IWD: The law changes Britain needs this International Women’s Day

From the gender pay gap to the 'pink tax', we need bold policies to tackle inequality, writes the Lib Dems' Lorely Burt.

On International Women’s Day, we often celebrate the amazing work women from across the globe have achieved. However, it is also important to discuss the unacceptable everyday barriers women and girls face still in 2019.
 
Last year for International Women’s Day Liberal Democrat MPs introduced legislation which would see the House of Lords renamed the ‘House of Peers’, tackle period poverty – which this week the government committed to ending by 2030, and for upskirting to be made a specific offence – which recently became the law.

This year, we have Liberal Democrat women fighting to improve the lives of women and girls in other ways: by banning the ‘pink tax’ (on women’s toiletries), introducing gender neutral school uniforms, and improving mental health care for new mothers.

The pink tax – where women’s toiletries cost more – is key example of how women face everyday discrimination, sometimes without even realising. Women pay more for a product that is the same – from hair products to deodorant – with the only difference often being that it’s pink. Women are being hit with a double whammy: they make less for doing the same work, and then they pay more for the same product or service just because it’s ‘for’ women.

Discrimination on gender grounds is illegal. There is absolutely no reason why women should pay more and Christine Jardine’s bill is to scrap the gender price gap is a perfect example of how the Liberal Democrats want to tackle sexism in the UK.

Women also face huge discrimination in the workplace. My colleague Jo Swinson pushed through the legislation as employment relations minister during coalition which meant large companies have to publish what they pay employees. This proved once and for all that the gender pay gap still exists.

However, new figures show one in three organisations have not tried to improve their gender pay gap. It is time the government took action and ensured employers also reported what they will do to reduce the gap in their organisations, so that employees and consumers can hold them to account.
 
We must also look at young women and girls. This week The Fawcett Society reported that gender stereotyping is “endemic” within UK society, and showed that half of adults believed their career choices were constrained by it, and almost as many said personal relationships had been harmed.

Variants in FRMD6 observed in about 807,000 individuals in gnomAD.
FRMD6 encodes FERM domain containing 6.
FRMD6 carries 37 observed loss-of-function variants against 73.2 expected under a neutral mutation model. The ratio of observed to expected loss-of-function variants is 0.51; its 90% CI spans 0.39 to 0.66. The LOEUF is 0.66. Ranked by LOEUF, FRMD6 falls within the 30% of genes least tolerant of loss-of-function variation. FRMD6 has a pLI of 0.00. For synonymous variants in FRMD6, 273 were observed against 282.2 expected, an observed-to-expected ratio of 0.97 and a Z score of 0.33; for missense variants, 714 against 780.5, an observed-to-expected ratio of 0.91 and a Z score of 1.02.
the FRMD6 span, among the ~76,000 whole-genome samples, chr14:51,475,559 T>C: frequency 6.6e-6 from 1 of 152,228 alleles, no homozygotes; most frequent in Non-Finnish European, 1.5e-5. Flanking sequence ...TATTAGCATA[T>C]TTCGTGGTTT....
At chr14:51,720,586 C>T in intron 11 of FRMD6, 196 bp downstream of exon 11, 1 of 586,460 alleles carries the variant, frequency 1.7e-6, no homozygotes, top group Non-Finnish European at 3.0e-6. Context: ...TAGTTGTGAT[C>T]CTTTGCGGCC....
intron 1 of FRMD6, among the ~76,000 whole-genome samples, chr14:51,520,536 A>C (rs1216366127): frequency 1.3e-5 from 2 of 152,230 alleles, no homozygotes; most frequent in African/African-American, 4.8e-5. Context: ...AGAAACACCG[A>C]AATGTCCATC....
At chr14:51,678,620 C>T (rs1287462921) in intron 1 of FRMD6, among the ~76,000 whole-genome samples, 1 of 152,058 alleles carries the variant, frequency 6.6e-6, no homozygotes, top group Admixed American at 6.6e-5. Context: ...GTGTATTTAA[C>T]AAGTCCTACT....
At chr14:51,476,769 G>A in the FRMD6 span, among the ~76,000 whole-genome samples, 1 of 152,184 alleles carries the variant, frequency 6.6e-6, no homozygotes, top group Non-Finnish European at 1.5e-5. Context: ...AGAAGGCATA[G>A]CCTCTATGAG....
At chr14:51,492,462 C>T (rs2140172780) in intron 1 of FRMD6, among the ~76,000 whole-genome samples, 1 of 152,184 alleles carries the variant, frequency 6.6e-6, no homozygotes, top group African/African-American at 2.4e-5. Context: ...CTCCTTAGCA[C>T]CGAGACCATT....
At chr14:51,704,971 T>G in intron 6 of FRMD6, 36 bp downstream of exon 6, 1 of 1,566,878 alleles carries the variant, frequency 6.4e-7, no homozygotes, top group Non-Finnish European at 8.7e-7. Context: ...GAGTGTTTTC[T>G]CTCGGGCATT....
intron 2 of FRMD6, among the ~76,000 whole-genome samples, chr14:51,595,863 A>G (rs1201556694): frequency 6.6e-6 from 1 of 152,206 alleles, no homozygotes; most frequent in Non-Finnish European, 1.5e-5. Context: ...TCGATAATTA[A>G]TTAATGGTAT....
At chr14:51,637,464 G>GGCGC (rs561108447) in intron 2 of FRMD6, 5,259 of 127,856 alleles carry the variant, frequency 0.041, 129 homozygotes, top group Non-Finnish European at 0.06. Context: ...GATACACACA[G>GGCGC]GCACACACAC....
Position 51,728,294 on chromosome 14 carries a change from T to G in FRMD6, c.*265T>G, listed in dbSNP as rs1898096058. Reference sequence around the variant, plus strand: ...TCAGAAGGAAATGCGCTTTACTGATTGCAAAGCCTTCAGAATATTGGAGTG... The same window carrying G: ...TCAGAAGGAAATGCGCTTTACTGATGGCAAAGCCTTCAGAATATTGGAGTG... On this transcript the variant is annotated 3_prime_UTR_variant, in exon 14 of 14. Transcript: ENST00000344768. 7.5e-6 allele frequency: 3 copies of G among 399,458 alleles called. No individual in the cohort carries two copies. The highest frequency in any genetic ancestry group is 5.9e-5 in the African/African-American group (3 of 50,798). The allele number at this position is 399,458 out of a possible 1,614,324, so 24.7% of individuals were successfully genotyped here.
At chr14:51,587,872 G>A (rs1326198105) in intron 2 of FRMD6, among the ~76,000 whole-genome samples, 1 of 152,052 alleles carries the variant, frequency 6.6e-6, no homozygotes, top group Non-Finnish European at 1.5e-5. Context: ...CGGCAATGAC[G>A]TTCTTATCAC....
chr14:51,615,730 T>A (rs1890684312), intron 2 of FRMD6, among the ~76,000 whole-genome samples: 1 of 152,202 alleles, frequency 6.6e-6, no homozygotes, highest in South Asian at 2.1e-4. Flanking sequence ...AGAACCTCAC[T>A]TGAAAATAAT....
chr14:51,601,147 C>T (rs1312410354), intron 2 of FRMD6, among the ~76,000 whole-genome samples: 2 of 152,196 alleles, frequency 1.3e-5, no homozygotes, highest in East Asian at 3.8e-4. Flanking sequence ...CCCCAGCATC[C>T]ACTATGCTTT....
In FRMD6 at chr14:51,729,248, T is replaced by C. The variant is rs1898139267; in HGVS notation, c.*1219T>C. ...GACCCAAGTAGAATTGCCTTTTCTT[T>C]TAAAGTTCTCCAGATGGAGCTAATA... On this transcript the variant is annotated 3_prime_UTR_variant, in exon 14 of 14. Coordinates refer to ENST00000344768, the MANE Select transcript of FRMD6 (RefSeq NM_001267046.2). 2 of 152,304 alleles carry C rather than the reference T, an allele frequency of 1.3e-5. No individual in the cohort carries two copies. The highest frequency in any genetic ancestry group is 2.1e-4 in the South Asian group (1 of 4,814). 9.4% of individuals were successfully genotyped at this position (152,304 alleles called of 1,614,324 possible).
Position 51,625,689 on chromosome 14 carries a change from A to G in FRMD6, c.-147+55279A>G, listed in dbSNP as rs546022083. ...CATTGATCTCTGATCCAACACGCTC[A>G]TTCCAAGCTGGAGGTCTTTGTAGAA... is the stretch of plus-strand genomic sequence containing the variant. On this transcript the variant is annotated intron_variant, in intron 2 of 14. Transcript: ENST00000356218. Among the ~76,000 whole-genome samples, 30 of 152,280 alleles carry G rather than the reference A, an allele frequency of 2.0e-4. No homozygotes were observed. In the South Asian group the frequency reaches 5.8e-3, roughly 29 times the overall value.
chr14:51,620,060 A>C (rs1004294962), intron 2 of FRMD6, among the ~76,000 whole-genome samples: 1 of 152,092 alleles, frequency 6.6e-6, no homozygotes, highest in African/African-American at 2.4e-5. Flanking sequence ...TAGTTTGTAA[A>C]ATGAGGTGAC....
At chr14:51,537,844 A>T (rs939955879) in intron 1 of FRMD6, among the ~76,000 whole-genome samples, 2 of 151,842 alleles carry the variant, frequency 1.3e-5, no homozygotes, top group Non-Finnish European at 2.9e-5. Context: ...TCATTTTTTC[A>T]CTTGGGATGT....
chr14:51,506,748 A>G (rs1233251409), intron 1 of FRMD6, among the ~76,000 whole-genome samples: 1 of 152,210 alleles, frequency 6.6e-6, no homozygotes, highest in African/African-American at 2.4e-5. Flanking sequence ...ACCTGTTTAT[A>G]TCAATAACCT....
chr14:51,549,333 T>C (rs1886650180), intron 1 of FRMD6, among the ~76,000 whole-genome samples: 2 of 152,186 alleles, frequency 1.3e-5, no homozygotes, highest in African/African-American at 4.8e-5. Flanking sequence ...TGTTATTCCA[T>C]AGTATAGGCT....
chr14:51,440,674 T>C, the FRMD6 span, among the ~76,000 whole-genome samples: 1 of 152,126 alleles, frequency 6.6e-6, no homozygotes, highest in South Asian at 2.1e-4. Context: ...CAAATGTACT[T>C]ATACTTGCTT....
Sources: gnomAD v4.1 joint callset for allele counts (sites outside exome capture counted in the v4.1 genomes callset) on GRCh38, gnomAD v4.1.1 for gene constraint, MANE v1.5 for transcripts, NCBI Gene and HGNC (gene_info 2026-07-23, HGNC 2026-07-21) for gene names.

How children perceive gender stereotypes will affect individuals for the rest of their lives and that is why Layla Moran this week called on school uniform policies to be gender-neutral. Simply put, pupils should be able to choose what they wear and not be confined by outdated notions that ‘skirts are for girls’ and ‘trousers are for boys’. The day a girl starts primary school she is shown that boys have more freedom to run about, whilst she cannot.

This is also about autonomy and teaching young people that they have autonomy over their own bodies. It was only this week that Virgin announced that female cabin crew are no longer required to wear make-up when they turn up to work. We must think about how we view women and their bodies and these attitudes of how women ‘should look’ must be changed, and this must start from an early age.

Finally, we need to improve mental health support for new mothers. In our society we often fail to talk about the reality of how giving birth will affect new mothers. Rather than informing mothers about potential mood swings, the pressure they will be put under – we allow myths and the stigma about struggling to pervade.

That is why Wera Hobhouse has presented a bill which would enshrine a mother’s right to mental health checks at the six-week post-natal mental health check. A parity of esteem between both mental health and physical health has long been championed by the Liberal Democrats. This change is crucial for not only new mothers, but also their babies.

We must demand better for women and girls: from the day they start school, to when they are in the workplace, thinking about starting a family, or simply popping to the shops.

International Women’s Day is not only about celebrating the achievements of women, but also about taking action. That’s what we’re doing.

Lorely Burt is the Liberal Democrats’ Spokesperson for Women.

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